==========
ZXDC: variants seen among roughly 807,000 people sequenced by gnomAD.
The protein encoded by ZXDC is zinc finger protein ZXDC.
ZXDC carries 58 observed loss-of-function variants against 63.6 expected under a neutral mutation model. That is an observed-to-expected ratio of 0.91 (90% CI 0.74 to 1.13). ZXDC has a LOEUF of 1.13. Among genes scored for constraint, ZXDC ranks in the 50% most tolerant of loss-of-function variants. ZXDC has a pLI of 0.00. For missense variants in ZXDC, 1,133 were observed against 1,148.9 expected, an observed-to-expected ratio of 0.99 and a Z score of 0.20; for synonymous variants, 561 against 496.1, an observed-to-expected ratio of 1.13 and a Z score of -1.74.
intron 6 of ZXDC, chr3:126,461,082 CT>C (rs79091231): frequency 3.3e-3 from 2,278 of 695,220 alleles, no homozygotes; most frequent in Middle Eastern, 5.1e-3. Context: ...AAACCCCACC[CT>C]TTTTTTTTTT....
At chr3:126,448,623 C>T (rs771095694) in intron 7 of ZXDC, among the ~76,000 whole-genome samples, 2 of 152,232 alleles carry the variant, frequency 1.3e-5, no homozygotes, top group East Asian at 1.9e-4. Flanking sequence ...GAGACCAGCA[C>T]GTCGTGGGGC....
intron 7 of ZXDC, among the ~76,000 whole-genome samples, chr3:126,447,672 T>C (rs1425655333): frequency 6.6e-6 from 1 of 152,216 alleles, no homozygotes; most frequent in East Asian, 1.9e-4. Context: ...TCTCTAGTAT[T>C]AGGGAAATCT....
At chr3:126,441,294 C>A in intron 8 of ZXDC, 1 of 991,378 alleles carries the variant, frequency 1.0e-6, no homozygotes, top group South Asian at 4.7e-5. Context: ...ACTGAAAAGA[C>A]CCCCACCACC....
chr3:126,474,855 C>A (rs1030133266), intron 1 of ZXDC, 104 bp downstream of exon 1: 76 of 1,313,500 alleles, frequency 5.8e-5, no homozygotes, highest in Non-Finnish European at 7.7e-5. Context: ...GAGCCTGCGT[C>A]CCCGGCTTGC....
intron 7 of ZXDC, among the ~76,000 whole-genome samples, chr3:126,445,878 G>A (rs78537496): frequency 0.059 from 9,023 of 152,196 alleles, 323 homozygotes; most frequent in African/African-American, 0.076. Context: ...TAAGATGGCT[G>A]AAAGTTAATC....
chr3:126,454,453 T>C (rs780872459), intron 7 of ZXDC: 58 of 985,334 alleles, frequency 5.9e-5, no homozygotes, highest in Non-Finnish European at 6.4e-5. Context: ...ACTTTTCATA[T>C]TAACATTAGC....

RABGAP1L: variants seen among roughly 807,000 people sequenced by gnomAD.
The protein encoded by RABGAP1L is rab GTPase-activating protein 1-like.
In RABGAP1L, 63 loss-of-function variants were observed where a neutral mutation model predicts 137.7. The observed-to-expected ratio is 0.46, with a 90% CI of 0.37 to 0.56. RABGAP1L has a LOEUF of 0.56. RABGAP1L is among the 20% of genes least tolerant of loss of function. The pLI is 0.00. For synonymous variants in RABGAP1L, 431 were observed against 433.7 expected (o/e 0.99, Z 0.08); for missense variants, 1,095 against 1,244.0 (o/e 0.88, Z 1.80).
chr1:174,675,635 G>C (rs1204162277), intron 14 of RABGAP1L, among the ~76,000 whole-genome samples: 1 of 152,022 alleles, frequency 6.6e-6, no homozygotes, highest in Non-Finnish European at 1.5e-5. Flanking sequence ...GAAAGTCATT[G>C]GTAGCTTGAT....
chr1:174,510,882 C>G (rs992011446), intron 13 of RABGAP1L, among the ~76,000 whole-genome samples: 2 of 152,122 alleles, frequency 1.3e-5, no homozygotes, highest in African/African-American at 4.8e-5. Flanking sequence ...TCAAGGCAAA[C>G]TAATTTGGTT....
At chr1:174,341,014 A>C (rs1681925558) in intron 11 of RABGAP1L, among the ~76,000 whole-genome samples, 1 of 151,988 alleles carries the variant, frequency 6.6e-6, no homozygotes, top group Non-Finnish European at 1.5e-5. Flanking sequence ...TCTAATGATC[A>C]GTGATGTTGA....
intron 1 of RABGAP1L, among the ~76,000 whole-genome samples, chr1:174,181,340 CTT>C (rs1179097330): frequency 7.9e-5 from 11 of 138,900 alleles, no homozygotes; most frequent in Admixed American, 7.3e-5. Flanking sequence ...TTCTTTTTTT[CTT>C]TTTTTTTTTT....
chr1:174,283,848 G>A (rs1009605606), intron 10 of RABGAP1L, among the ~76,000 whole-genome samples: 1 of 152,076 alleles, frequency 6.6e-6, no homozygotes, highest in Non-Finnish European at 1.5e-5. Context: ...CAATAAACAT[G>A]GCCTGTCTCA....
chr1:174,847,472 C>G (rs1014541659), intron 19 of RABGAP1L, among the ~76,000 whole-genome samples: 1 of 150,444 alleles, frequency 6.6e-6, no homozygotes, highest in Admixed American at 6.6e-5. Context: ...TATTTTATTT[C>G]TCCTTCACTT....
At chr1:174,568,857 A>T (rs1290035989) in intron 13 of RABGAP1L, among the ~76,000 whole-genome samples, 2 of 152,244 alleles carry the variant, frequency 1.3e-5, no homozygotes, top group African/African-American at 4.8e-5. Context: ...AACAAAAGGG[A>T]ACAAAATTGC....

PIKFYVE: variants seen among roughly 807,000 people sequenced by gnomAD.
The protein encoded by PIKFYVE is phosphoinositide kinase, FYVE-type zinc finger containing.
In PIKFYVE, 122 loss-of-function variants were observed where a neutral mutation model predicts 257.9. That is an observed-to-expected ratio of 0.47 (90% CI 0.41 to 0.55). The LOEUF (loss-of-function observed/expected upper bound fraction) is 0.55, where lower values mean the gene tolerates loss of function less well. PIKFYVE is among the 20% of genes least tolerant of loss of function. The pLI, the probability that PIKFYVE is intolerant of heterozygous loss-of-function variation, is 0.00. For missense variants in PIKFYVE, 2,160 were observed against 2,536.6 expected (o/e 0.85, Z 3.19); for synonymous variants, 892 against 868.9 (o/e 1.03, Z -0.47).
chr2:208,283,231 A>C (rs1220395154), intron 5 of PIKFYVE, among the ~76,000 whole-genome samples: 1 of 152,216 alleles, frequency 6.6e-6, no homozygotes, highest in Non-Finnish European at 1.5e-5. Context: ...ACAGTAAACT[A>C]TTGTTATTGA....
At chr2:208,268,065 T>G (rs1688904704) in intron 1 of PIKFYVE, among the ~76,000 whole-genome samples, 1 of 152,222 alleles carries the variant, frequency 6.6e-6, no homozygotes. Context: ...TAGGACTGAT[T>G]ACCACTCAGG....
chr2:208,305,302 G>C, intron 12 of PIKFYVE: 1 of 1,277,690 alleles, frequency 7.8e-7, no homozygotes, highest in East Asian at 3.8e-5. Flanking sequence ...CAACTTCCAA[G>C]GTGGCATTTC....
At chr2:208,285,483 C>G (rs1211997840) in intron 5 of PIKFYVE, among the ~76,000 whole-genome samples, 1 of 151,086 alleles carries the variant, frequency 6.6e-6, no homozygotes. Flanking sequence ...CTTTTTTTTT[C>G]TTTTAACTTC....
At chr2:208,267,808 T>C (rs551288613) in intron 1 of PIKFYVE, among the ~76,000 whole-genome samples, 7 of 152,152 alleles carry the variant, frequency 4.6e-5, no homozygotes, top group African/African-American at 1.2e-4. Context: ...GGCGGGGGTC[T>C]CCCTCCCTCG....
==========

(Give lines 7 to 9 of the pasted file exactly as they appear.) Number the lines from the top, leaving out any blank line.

At chr3:126,441,294 C>A in intron 8 of ZXDC, 1 of 991,378 alleles carries the variant, frequency 1.0e-6, no homozygotes, top group South Asian at 4.7e-5. Context: ...ACTGAAAAGA[C>A]CCCCACCACC....
chr3:126,474,855 C>A (rs1030133266), intron 1 of ZXDC, 104 bp downstream of exon 1: 76 of 1,313,500 alleles, frequency 5.8e-5, no homozygotes, highest in Non-Finnish European at 7.7e-5. Context: ...GAGCCTGCGT[C>A]CCCGGCTTGC....
intron 7 of ZXDC, among the ~76,000 whole-genome samples, chr3:126,445,878 G>A (rs78537496): frequency 0.059 from 9,023 of 152,196 alleles, 323 homozygotes; most frequent in African/African-American, 0.076. Context: ...TAAGATGGCT[G>A]AAAGTTAATC....